Everybody knows that using cellphones indoors can be a mixed bag: you might get lots of signal strength outside (standing in the rain) but once you step inside (where it might be, say, warm and dry) calls might drop, data services might crumble, and messages might not get through. To combat poor in-home and in-building reception, mobile operators have been introducing femtocells: small extensions of the cell phone network that improve reception in a small area (like a home) so users can feel comfortable ditching their landlines and relying on mobile devices for…well, everything. Sprint, Verizon, and T-Mobile all have offerings on the table; now, AT&T looks to be joining the fray—with the crucial different being that its 3G Microcell will support multiple cell phones and support 3G data services.
Like other femtocell devices, the AT&T 3G Microcell covers an area of about 5,000 square feet, and connects back to AT&T’s network through an existing broadband Internet connection. The system will support up to four simultaneous phone users, complete with 3G data services. The device can be secured so it only works for authorized users (no worries about someone leaning against your outside wall and tapping into your cell service, and users will be able to transfer seamlessly between the Microcell and AT&T’s primary network without interruption: so walking inside (or outside) while on a call won’t cause a drop.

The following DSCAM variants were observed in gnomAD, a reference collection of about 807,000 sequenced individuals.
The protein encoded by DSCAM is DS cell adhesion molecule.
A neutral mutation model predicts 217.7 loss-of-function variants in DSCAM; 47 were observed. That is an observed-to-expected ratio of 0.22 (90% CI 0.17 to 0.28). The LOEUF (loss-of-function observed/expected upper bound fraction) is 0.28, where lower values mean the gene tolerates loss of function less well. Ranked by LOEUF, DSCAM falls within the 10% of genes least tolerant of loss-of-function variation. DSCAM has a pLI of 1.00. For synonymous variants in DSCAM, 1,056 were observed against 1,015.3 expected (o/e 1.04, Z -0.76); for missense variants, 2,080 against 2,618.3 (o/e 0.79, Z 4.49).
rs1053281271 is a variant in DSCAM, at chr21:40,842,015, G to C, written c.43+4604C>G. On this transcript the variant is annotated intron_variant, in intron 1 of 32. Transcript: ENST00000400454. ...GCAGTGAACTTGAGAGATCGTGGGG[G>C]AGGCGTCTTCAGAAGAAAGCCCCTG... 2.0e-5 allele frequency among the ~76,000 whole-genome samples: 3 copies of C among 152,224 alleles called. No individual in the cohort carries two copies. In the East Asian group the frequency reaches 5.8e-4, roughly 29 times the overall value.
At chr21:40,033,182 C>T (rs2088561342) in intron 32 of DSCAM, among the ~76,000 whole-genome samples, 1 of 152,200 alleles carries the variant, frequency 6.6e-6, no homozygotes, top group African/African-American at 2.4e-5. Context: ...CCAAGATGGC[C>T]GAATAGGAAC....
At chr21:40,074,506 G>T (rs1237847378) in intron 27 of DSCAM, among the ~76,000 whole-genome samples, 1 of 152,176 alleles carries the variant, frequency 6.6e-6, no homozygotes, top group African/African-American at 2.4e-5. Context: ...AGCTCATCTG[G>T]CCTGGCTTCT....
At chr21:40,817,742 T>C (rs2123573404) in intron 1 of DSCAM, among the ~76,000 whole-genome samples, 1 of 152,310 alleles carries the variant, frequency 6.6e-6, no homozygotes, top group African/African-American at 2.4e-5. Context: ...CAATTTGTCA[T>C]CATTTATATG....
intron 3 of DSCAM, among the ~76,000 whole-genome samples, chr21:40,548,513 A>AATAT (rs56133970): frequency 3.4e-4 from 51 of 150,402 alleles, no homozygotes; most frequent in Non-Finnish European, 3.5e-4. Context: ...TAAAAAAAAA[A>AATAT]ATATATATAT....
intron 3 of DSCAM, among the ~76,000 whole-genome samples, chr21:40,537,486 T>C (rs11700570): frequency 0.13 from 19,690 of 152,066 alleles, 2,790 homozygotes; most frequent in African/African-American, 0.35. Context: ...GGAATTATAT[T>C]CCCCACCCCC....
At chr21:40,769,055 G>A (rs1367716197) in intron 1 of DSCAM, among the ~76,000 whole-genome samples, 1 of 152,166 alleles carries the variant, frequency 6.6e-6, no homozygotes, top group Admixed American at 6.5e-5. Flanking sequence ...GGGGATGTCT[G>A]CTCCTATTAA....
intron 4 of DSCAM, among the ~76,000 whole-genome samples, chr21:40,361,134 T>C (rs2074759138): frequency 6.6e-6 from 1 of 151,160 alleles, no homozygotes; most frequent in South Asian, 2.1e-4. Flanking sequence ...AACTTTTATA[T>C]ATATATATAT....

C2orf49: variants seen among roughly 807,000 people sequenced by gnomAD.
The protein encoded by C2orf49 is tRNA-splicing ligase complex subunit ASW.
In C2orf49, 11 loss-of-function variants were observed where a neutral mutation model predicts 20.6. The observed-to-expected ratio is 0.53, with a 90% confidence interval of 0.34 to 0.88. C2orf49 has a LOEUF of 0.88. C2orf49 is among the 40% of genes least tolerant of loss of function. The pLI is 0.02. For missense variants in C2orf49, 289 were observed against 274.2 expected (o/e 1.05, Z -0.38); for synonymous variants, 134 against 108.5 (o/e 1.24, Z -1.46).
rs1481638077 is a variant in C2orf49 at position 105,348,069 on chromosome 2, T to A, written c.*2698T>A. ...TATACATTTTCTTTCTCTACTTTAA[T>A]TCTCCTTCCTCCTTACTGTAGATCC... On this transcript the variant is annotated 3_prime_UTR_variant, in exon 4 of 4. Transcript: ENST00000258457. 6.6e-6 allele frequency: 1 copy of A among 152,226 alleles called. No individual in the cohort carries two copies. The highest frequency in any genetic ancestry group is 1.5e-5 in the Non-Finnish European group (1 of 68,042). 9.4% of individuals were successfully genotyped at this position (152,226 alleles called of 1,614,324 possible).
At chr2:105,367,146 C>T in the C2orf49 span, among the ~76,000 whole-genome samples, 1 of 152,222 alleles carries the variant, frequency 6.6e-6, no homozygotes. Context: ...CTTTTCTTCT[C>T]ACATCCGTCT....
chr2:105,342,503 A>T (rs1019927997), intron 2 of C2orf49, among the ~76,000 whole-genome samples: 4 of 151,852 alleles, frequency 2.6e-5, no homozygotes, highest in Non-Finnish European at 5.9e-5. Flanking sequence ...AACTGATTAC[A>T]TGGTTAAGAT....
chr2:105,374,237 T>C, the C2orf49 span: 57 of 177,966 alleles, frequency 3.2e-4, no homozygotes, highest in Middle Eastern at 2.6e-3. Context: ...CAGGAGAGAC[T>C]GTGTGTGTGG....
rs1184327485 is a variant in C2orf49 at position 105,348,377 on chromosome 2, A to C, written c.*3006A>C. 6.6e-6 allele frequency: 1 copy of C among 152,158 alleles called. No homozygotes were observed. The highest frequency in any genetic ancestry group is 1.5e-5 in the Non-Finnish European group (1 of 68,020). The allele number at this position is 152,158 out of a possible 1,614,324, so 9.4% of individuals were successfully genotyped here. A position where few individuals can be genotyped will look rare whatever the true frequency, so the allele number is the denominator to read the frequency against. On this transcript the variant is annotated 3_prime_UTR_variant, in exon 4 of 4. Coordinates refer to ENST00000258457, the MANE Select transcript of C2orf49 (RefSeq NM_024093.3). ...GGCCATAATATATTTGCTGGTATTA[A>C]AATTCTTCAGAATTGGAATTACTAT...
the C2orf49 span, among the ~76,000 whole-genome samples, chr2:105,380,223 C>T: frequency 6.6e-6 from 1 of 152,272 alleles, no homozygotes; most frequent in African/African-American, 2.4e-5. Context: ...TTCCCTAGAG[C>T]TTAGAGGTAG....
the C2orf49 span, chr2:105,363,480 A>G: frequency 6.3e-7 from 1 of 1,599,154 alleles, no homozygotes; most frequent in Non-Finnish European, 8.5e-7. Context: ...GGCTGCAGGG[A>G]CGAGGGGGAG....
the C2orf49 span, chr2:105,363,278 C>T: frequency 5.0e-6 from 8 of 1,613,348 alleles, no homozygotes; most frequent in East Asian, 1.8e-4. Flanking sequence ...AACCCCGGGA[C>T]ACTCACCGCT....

The 3G data service offered by the femtocell may not be very appealing to AT&T customers considering the device: after all, if they already have home broadband they probably have in-home Wi-Fi and a Wi-Fi capable mobile device, so their data needs are already met. The major improvement would come with improved voice service and quality, and AT&T would benefit from offloading a potentially large amount of voice calling—lots of people spend their quality phone time at home—to broadband operators, rather than carrying it on its mobile network.
AT&T is currently offering the 3G Microcell in a public trail in Charlotte, North Carolina, but there’s no word yet on when AT&T plans to market the femtocell in other areas.
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